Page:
I’m getting ready for the FFP10 meeting later this month. In reading the abstracts of those who will be giving talks or posters, I came upon “Analyses of the 2dF deep field” by Chris Fulton, Halton Arp and John G. Hartnett. The abstract is about the relationship between low redshift and high redshift astronomical objects. The claim is that some quasars have redshifts that do not give their true distance; instead, they are much closer. Looking on arXiv finds: The 2dF Redshift Survey II: UGC 8584 – Redshift Periodicity and Rings by Arp and Fulton.
If these high and low redshift objects actually are related, this places doubt on the Hubble relation. In addition, when low and high redshift objects appear to be related, their redshifts are related by quantum values . From observations, Arp has proposed that quasars evolve from high to low redshift, and finally become regular galaxies.
Now for quasars to have redshifts that differ from their true distances implies that their redshifts are determined gravitationally; that is, what we are seeing is partly the redshift of light climbing out of a gravitational potential. And if these redshifts are quantized, this gives a clue that the structure inside the event horizon of a black hole is not a simple central singularity but instead there must be repetitive structure.
In a classical black hole, the region inside the event horizon can only be temporarily visited by regular matter. Even light cannot be directed so as to increase its radius in this region. Let’s refer to this region as the “forbidden region” of the black hole as it is near the central singularity. For the classical black hole, this includes everything inside the event horizon. We will be considering the possibility that the forbidden regions of a black hole occur as infinitesimally thin shells, and that between these shells, light can still propagate outwards:
Event Horizons as Quantum amplitudes
If we were looking for a quantum mechanical definition of the inside of a black hole, we could define it as the region where particles have a zero probability of moving outwards. We could say that the transition probability for the particle moving outwards is zero. However, in quantum mechanics probabilities are defined as the squared magnitudes of complex amplitudes. The way we compute transition probabilities is from complex transition amplitudes. If the transition amplitude between two states is zero, we say that they are “orthogonal”. Zero transition amplitudes correspond to points where a sine wave is zero; at these points, deviations to either side give nonzero transition amplitudes:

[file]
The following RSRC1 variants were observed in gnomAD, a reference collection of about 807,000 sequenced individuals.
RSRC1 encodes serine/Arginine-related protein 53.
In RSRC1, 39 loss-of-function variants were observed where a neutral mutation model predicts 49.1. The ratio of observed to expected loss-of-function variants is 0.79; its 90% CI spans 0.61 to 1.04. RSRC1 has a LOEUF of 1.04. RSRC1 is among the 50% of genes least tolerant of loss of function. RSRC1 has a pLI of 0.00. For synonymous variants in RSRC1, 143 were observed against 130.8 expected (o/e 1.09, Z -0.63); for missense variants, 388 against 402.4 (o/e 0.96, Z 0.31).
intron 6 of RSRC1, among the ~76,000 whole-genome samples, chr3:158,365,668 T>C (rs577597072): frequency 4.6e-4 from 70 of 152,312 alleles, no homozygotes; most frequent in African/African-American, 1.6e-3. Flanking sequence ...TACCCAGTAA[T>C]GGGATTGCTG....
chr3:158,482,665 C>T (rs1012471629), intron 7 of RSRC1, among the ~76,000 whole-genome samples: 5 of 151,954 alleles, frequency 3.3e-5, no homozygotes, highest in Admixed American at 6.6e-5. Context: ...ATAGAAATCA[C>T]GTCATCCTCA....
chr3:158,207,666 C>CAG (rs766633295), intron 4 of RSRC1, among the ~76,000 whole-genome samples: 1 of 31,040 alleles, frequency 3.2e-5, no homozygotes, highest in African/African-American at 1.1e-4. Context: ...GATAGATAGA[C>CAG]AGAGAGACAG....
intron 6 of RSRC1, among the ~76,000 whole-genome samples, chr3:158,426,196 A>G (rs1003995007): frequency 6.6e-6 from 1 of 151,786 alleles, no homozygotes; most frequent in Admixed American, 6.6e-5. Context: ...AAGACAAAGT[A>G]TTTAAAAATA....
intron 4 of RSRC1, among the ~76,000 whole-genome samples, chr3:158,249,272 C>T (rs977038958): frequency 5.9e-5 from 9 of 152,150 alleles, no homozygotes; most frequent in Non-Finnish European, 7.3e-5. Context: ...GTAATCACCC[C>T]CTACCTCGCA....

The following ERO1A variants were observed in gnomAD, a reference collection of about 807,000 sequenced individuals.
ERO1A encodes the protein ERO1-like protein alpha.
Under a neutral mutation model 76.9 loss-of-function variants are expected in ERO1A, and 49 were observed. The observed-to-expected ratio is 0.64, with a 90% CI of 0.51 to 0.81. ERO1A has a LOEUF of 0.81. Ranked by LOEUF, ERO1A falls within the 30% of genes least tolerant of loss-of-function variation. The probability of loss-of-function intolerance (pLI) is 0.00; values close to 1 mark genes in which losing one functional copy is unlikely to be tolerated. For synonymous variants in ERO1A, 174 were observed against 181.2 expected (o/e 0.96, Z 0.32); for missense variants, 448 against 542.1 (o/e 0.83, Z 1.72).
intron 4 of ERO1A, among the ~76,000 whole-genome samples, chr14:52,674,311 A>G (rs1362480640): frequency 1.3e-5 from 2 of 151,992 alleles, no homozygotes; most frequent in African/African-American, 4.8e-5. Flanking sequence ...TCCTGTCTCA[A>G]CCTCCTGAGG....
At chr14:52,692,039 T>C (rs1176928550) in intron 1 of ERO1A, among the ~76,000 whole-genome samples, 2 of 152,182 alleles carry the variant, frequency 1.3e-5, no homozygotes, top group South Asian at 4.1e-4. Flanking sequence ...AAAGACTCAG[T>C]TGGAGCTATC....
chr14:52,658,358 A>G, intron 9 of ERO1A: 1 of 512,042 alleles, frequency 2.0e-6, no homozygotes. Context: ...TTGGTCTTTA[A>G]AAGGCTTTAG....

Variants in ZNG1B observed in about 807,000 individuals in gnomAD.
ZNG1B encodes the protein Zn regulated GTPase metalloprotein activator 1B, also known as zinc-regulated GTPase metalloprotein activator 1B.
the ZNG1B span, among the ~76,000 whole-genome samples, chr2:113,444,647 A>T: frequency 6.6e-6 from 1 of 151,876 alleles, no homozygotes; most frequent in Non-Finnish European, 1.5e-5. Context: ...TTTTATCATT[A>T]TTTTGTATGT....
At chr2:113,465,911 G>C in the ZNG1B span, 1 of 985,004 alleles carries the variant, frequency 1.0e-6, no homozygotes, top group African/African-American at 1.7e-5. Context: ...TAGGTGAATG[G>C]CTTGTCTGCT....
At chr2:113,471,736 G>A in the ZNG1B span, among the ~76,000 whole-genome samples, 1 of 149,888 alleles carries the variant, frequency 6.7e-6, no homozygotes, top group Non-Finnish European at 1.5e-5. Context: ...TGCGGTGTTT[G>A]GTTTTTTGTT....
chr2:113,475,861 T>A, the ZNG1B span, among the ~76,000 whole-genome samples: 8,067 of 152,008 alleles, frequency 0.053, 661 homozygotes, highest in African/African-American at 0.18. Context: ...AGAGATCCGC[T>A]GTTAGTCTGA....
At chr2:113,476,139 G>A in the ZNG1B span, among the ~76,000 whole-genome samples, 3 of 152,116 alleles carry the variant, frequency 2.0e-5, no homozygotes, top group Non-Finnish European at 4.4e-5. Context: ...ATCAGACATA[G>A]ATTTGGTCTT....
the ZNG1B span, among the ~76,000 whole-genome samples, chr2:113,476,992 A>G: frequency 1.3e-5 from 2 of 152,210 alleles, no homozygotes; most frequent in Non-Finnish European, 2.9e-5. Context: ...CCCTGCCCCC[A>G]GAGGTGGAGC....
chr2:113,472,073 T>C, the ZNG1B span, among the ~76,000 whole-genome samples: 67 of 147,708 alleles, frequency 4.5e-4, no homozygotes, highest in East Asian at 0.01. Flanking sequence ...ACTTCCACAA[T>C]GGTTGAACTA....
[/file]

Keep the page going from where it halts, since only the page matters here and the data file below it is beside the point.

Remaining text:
In quantum mechanics, it’s never the case that making steady changes to a state or pair of states causes their transition amplitude to become zero and then remain zero. Instead, upon obtaining zero transition amplitudes by arranging for a parameter to continuously change, we find that continuing to change the parameter causes the transition amplitude to become nonzero. For this reason, from basic quantum mechanical principles, it would be surprising that the forbidden regions of a black hole should have more than an infinitesimal thickness.
For the parameter that continuously changes, so as to create a forbidden region, we can propose the flux density of gravitons. This will be maximal at the central mass concentration, and then decrease, approximately following a 1/r^2 law, as one moves away from the center. Along this line, my paper that won an honorable mention at the annual gravity essay contest, provides calculations showing that this flux has to interact with itself in order to match tests of general relativity, see The force of gravity in Schwarzschild and Gullstrand-Painlevé coordinates, 0907.0660.
My paper on Spin Path Integrals
Now the paper I’m discussing at FFP10, Spin Path Integrals and Generations, proposes that the spin-1/2 elementary fermions have internal structure. The idea is that the left (or right) handed electron oriented with spin in the (1,1,1) direction, has three components, R, G, and B, which we will assume are oriented in the +x, +y, and +z directions. This behavior appears only at extremely short times; we don’t have sufficient energies in our experiments to observe it. However, the three degrees of freedom create three orthogonal particles which we do observe as the three generations. The paper discusses various examples of this. If you do all this, it turns out that spin and position end up with similar Feynman path integral behavior. This is a way of unifying the internal and external degrees of freedom of the elementary fermions.
I chose the +x, +y, and +z directions because they are taken from the three “mutually unbiased bases” of the spin-1/2 algebra, that is, the algebra of the Pauli spin matrices, the Hilbert space of two dimensions. Mutually unbiased bases are the finite dimensional version of complementary variables such as position and momentum. This is why they are used to make spin path integrals and position path integrals have similar behavior; we are taking the ideas behind position and momentum and applying it to spin.